Apparently not.  Some pathetic folks just can’t be happy unless they force everyone else to bow down to their agenda.  It’s sad, really.  Especially when, it would seem, it took this person 25 years to figure out that they were offended by the  song.

The Canadian Broadcast Standards Council, being staffed by “good Canadians“,  naturally doesn’t want to offend anyone, especially not someone who has self-identified themselves as a member of a minority.  And a politically-correct minority at that!

So they banned the song.

Which offended pretty much everyone, as far as I can tell.

Halifax radio station Q-104 FM is pretty much telling the CBSC to pound sand. Along with their sister station in Edmonton, Q-104 FM is ignoring the ridiculous edict and even went so far as airing the hit song eight times in a row in a single hour!

“I think audiences in general have felt that this impinges on their right to free speech,” said J.C. Douglas, program director at Q104.

“We believe that this decision may trivialize the meaningful work done to further the cause of the LGBT community and could actually work against them by creating a sense of excessive political correctness at the cost of the fundamental freedom of speech,” Q104’s J.C. Douglas said in a statement.

By playing the song eight times in a row they’re making a point.  I love it. Stupidity like this needs to be confronted head-on.

I mean really… what else can you call a decision that panders to one person’s hurt feelings when it’s taken them 25 years to decide if their feelings are actually hurt!

A post on Guy Fletcher’s website, (Guy is one of the members of Dire Straights) was hilarious and offered a unique way for the band to respond to their song being banned in Canada:

Hello Guy…Here’s a suggestion for Mark…He should do a quid pro quo and ban Canada from his next tour, which we are all eagerly awaiting in the USA. He is welcome to say faggot all he wants here and with no Canada dates, he will have more time to spend with we broadminded types…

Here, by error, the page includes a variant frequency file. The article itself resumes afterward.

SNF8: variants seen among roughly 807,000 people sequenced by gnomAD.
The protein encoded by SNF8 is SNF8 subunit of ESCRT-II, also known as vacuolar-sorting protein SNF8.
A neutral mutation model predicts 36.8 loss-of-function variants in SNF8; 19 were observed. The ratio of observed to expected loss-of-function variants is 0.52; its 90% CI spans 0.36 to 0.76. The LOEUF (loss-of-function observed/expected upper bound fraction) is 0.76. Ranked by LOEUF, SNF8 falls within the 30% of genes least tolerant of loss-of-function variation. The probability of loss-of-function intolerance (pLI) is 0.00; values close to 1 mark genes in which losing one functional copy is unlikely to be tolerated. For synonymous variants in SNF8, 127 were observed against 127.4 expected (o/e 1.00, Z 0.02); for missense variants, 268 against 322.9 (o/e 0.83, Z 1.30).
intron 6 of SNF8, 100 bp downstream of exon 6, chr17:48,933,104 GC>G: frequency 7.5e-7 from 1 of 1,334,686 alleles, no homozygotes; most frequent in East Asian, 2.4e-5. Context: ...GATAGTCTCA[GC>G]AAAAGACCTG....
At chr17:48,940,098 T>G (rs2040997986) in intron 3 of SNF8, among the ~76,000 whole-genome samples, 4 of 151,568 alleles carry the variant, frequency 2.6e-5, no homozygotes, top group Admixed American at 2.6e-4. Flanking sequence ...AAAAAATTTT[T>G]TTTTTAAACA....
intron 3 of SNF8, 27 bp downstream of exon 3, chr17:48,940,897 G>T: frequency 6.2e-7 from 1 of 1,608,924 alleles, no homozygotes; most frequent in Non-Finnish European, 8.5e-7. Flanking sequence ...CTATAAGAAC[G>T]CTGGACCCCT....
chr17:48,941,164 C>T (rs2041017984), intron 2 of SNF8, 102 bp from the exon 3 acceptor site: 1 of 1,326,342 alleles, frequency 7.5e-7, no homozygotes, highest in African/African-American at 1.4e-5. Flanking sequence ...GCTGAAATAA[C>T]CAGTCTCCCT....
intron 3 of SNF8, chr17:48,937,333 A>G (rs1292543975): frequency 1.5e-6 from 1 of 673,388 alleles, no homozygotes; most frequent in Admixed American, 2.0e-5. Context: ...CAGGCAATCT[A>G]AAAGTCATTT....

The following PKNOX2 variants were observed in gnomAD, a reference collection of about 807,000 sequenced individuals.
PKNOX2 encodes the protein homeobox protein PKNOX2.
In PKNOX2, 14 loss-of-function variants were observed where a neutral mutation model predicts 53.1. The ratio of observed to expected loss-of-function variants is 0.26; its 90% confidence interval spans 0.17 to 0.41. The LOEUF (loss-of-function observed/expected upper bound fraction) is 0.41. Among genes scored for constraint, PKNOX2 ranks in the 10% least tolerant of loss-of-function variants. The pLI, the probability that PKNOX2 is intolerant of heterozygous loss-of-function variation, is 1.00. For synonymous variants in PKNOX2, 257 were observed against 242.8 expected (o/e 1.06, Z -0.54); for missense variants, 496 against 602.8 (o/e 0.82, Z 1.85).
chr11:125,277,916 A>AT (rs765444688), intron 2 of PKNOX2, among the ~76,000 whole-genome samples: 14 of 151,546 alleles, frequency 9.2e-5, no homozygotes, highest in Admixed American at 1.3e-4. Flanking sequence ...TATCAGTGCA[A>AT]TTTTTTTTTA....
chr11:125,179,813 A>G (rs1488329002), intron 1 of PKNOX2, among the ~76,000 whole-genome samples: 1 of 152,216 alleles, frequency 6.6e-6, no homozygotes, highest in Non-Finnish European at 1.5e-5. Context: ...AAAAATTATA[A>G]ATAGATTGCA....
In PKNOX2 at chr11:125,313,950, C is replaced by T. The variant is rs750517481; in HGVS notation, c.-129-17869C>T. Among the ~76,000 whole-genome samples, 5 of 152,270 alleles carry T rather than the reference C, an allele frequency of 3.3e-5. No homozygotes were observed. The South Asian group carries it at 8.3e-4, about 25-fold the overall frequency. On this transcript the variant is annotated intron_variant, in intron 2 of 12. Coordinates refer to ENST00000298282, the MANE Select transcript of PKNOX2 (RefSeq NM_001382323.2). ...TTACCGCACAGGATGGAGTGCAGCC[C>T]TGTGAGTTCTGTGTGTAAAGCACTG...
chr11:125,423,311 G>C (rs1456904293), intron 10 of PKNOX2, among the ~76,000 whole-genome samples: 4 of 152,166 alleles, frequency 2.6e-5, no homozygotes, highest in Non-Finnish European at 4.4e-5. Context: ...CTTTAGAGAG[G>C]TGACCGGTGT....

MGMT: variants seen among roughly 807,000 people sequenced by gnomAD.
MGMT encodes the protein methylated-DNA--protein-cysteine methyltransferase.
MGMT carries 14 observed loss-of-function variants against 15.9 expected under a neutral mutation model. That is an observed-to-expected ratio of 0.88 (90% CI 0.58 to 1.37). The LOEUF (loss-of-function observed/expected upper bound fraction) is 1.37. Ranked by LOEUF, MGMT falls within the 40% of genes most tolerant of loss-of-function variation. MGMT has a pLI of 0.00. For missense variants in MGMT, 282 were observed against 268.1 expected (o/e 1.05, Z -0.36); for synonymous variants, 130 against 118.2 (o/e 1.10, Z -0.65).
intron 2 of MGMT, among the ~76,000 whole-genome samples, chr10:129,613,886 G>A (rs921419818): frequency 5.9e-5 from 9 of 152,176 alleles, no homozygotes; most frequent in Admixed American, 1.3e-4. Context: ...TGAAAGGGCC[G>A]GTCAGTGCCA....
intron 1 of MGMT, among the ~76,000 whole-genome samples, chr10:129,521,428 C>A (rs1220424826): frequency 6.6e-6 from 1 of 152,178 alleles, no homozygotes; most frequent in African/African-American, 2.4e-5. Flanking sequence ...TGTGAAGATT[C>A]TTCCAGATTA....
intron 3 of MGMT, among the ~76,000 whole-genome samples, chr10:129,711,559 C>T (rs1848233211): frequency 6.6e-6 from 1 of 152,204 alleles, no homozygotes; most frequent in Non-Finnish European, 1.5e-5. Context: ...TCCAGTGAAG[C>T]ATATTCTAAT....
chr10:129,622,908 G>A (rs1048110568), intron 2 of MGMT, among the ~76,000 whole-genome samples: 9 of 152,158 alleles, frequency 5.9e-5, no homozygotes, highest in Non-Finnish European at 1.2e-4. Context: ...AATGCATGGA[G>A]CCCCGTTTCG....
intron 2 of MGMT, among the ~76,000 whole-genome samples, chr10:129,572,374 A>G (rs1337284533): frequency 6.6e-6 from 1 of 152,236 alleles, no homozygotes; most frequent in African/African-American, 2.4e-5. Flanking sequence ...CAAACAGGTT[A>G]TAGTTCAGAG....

Even the Canadian Radio-television and Telecommunications Commission is asking the CBSC to reconsider their decision.

You can read the full letter from the CRTC on their website.

One commenter on the CBC website put it very well:

Money for Nothing pretty well describes the CSBC; they waste taxpayer’s money and add nothing to Canadian culture.

Another writes:

“When do the book burnings begin?

Absurd doesn’t begin to describe this person’s reaction to a word in a song, nor does it describe the decision coming from the good folks at the CBSC.

The former needs to learn how to change the channel on his radio… the latter needs to grow a pair of balls and tell the guy to learn how to change the channel on his radio if he doesn’t like a song that’s been playing for 25 years and has won numerous awards.

Sheesh.  Can we just get over ourselves already?

Believe it or not, it’s not all about being gay or straight. I don’t particularly care which one you are.  It’s not about how easily someone’s feelings get hurt.

It’s about freedom of speech.

Which means nothing in Canada anymore.  Or so it would seem…